Current status

The habitat is largely intactThe condition of an ecological habitat being an undisturbed or natural environment in drier areas, but can be quite severely degraded close to the coast or where there is higher rainfall and more grazing animals. However, the ecoregion is extensive, with habitat in good condition over vast areas.

The ecoregion is poorly protected officially, with one protected area in Mauritania (Iriki permanent hunting reserve, 100 square kilometers). One other area in Algeria (Taghit) is proposed to be classified as a nature reserve, but the area is not yet delineated. There are also two national parks in Tunisia: Jebil National Park created in 1993 (1500 square kilometers) and the Sidi Toui National Park created in 1993 (63 square kilometers).

Recently UNDP/GEF approved a three-year project on "Nature resources management in semi-arid and arid zones". One of the proposed sites in this project is Taghit in Algeria. The project will be implemented by a network of 26 NGOs (Comité National des ONGs Algériennes- CNOA) belonging to the RIOD (International NGOs Network to combat desertification). The main project objectives are to develop a management plan for nature resources, legally gazette the nature reserve, and build capacity of grass-roots organizations in co-management of the reserve through training and pilot demonstration activities.

Types and severity of threats

In general, the drier parts of this ecoregion are not threatened by human activities. Threats are concentrated in areas with more rainfall, or around water sources, where the local pressure on resources can be intense. Overgrazing by livestock is a serious problem that has resulted in severe environmental degradation in many areas. The cutting of woody vegetation for fire-wood is also a problem.

The threats to the remaining populations of larger animals adapted to desert conditions are intense. The populations of many species have been greatly reduced by hunting for food, and also through hunting for sport and recreation (e.g., Houbara bustard and Nubian bustard). Some species listed above have been entirely removed from the ecoregion in the last 100 years. Over a period of 2000 years this list could be expanded to include other large African mammals.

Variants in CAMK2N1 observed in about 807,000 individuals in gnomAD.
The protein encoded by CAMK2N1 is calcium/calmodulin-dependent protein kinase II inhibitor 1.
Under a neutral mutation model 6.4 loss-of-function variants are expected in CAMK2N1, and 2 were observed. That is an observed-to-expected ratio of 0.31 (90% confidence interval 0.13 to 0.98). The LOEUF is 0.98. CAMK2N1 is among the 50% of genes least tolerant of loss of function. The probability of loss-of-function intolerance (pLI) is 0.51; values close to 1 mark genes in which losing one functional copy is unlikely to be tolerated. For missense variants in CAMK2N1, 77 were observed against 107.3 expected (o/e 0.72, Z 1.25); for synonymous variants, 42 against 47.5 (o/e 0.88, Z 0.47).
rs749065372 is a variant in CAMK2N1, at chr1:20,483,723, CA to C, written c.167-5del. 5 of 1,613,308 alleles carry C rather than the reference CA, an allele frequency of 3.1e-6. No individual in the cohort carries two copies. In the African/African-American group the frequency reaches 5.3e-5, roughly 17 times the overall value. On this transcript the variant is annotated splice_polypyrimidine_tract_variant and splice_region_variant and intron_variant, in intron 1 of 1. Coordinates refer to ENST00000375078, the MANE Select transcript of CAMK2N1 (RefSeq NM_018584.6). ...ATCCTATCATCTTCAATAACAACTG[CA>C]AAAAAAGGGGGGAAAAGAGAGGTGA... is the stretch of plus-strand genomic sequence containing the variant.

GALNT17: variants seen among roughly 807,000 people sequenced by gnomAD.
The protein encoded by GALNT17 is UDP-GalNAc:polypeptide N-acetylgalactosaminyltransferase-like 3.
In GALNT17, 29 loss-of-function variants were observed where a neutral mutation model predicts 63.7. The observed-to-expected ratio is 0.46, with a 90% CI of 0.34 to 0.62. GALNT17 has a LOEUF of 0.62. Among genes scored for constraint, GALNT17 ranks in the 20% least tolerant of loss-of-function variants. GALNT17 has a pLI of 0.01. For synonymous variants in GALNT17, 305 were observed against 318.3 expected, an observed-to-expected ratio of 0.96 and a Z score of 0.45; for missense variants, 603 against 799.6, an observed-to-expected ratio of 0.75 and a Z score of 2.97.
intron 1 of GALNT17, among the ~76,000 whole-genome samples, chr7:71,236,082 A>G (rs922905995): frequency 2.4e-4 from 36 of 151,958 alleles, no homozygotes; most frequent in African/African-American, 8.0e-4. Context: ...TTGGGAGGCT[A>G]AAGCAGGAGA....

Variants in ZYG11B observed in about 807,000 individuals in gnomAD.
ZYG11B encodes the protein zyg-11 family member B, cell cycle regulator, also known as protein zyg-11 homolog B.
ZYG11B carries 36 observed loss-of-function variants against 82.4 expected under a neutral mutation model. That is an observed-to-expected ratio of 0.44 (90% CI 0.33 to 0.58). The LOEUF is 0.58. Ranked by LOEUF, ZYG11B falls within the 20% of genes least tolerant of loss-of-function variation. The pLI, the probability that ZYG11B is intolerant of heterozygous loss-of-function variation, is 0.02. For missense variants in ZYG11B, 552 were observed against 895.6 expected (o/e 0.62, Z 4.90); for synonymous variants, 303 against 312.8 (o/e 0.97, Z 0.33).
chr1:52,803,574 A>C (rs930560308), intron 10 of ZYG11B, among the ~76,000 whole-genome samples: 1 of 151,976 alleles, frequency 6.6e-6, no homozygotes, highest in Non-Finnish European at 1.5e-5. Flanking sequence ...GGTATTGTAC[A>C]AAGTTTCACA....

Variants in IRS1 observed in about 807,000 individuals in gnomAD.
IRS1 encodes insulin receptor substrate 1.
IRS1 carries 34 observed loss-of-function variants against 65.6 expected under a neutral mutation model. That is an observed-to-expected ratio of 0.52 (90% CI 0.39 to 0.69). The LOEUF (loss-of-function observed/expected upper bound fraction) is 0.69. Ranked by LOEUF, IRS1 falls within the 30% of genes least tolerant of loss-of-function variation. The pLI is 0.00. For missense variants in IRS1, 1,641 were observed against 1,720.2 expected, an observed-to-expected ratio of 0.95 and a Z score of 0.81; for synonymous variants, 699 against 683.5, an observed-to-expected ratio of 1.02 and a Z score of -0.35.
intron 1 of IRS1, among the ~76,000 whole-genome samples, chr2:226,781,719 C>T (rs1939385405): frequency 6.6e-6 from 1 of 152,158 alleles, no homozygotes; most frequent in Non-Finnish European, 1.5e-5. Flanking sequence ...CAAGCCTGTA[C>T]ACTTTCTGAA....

Water pollution is also major threat in this ecoregion with regard to surface water supplies, as many cities have been developed in this part of the desert. Development of tourism (mostly in Tunisia) also poses a threat to water systems.

Justification of ecoregion delineation

This ecoregion is delineated from White's "regs, hamadas and wadis" and "desert dunes with perennial vegetation" units north and west of the Sahara Desert. Although these vegetation types surround the Sahara Desert, the northern habitats were delineated as a distinct ecoregion from the southern unit due to different rainfall regimes and the presence of Mediterranean plant and vertebrate species.

Additional information on this ecoregion

  • To see the species that live in this ecoregion, including images and threat levels, see the WWF Wildfinder description of this ecoregion.

Further reading

  • Chaieb, M. and M. Boukhris. 1998. Parcs Nationaux de la Tunisie aride et saharienne. In Flore Succinte et illustrée des zones arides et sahariennes de Tunisie. Edition l'Or du Temps. Pages 242-249.
  • Kingdon, J. 1997. The Kingdon field guide to African mammals. Academic Press. London, UK. ISBN: 0713665130
  • Le Houérou, H.N. 1990. Recherches écoclimatique et biogéographique sur les zones arides de L'Afrique du Nord. CEPE/CNRS, Montpellier, 600pp.
  • Le Houérou, H.N. 1991. Outline of a Biological History of the Sahara. Pp.146-174. In. McNeely, J.A., and V.M. Neronov, editors. Mammals in the Palaearctic Desert: status and trends in the Sahara-Gobian region. The Russian Acedemy of Sciences, and the Russian Committee for the UNESCO programme on Man and the Biosphere (MAB).
  • Quézel, P., 1965. La végétation du Sahara, du Tchad à la Mauritanie. Fisher Verlag, Stuttgart.
  • Zahoran, M.A. and A.J. Willis. 1992. The vegetation of Egypt. Chapman and Hall, London. ISBN: 0412315106
  • White, F. 1983. The vegetation of Africa: a descriptive memoir to accompany the UNESCO/AETFAT/UNSO vegetation map of Africa. UNESCO, Paris, France. ISBN: 9231019554

Disclaimer: This article contains information that was originally published by the World Wildlife Fund. Topic editors and authors for the Encyclopedia of Earth have edited its content and added new information. The use of information from the World Wildlife Fund should not be construed as support for or endorsement by that organization for any new information added by EoE personnel, or for any editing of the original content.




Fund, W., & Hogan, C. (2012). North Saharan steppe and woodlands. Retrieved from